Robert Wright’s NYT commentary on science vs. religion makes some good points, but glosses over the arguments militant atheists use against God, and the arguments theists use against evolution.
Wright says militant atheists “might even grant that natural selection’s intrinsic creative power — something they’ve been known to stress in other contexts — adds at least an iota of plausibility to this remotely creative god.” How does that makes sense?
If a purely natural process has intrinsic creative power, how does that argue for the existence (or increased possibility of existence) of an intrinsic creative power outside of nature? That’s like arguing that the ability of a television broadcast to create the appearance of little people inside the TV screen adds at least an iota of plausibility to the notion that there are actually little people in the TV, and your 3-year-old has been correct all along.
Wright also suggests that religious folks are within shouting distance of getting the concept: “The first step toward this more modern theology is for them to bite the bullet and accept that God did his work remotely — that his role in the creative process ended when he unleashed the algorithm of natural selection (whether by dropping it into the primordial ooze or writing its eventual emergence into the initial conditions of the universe or whatever).” Yeah, right, Wright.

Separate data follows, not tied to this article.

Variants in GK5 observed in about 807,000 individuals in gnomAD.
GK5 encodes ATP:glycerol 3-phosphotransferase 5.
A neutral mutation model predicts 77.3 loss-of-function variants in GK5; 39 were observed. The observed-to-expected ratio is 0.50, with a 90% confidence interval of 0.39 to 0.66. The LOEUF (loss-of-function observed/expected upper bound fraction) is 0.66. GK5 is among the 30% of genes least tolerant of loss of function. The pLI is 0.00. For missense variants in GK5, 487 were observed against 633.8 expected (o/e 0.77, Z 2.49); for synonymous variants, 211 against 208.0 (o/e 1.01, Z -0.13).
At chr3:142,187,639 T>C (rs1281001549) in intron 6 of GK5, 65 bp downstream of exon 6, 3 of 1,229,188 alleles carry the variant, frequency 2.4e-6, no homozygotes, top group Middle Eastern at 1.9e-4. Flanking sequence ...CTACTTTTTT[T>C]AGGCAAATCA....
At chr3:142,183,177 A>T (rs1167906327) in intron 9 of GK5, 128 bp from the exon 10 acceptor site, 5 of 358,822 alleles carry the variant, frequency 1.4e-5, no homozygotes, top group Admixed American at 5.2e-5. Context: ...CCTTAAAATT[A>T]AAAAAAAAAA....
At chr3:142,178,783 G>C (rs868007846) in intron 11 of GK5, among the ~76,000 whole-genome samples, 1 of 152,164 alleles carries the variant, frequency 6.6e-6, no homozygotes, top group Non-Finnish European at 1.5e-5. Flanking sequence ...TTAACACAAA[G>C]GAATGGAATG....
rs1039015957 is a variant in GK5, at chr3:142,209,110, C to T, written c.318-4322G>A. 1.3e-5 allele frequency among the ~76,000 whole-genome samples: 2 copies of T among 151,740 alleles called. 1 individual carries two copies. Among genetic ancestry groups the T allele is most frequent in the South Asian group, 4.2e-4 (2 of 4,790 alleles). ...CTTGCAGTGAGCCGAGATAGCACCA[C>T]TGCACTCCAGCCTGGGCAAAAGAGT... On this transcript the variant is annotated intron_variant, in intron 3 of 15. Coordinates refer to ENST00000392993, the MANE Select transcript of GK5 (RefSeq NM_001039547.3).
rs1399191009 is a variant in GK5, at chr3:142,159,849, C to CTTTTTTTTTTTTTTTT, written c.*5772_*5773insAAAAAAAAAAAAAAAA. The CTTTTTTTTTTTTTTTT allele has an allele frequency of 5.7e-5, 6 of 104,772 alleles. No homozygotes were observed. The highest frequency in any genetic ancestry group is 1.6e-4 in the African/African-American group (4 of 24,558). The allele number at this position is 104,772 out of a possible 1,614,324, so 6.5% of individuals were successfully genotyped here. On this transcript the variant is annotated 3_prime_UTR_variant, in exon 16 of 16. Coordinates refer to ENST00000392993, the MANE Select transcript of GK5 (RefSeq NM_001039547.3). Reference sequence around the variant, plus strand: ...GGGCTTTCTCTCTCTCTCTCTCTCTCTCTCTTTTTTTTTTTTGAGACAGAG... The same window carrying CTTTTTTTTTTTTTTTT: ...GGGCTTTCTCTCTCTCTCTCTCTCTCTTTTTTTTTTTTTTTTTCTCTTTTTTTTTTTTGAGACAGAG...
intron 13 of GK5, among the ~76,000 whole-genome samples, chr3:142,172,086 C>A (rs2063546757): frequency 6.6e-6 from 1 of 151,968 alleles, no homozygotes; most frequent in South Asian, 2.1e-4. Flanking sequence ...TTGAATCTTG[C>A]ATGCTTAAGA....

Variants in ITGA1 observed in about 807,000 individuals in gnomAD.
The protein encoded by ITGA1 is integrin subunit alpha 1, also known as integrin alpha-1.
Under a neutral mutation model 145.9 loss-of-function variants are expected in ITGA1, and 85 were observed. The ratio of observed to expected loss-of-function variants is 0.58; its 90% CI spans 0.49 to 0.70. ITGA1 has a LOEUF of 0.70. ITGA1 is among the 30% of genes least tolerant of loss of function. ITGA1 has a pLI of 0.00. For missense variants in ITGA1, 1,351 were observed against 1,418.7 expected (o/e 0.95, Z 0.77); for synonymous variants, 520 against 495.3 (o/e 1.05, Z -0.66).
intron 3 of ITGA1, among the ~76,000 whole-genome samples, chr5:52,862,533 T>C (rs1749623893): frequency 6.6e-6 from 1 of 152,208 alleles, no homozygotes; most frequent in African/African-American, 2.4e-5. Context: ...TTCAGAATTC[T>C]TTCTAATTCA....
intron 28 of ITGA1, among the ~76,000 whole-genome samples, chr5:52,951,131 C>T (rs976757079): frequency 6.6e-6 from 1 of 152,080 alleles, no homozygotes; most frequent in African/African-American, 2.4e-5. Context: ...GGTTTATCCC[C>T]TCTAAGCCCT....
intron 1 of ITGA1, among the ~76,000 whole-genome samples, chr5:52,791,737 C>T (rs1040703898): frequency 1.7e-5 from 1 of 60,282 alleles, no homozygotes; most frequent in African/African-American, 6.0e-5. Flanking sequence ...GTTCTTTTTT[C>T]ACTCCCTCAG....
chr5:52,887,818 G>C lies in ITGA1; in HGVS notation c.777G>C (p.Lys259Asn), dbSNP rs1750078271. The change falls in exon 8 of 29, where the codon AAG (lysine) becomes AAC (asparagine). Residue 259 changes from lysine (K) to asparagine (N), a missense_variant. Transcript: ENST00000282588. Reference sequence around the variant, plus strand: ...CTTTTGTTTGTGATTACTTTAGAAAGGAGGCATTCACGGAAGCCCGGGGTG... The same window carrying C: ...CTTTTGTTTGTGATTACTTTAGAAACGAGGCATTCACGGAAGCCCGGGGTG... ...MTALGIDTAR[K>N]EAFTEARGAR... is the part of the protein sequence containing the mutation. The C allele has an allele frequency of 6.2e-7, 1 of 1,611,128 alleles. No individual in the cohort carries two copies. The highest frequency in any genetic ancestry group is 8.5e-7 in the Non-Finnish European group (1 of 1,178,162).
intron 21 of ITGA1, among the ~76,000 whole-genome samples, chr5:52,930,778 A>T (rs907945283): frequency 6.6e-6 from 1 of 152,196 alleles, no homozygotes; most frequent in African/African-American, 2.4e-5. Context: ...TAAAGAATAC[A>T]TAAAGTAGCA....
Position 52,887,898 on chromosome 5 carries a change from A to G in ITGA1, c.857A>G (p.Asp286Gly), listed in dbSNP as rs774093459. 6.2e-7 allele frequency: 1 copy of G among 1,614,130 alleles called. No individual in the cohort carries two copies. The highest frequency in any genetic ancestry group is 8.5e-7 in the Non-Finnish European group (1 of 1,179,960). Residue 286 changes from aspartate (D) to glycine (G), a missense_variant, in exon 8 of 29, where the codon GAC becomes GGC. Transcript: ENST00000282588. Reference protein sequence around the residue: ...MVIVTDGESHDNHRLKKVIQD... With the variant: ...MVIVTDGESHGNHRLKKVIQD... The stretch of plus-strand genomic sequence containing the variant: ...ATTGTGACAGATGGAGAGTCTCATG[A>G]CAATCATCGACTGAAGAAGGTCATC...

The problem isn’t that there are a lot of people who think evolution needed a bit of divine nudging here and there once it started, the problem is that there’s a disturbing number of people who don’t accept evolution at all — who insist that God created everything in 6 days, a few thousand years ago, just like a literalist interpretation of the Bible declares. And those people have a ridiculous amount of influence in our society. Nudging the moderate folks a bit more toward science isn’t going to do anything about the (pardon the lapse in etiquette) yahoos who are still driving the religious discourse in America.
But Wright has some good points as well, like this one: “Of course, religion doesn’t have a monopoly on awe and inspiration. The story that science tells, the story of nature, is awesome, and some people get plenty of inspiration from it, without needing the religious kind.” As the late Douglas Adams said, “I’d take the awe of inspiration over the awe of ignorance any day.”
(cartoon via Palmyria)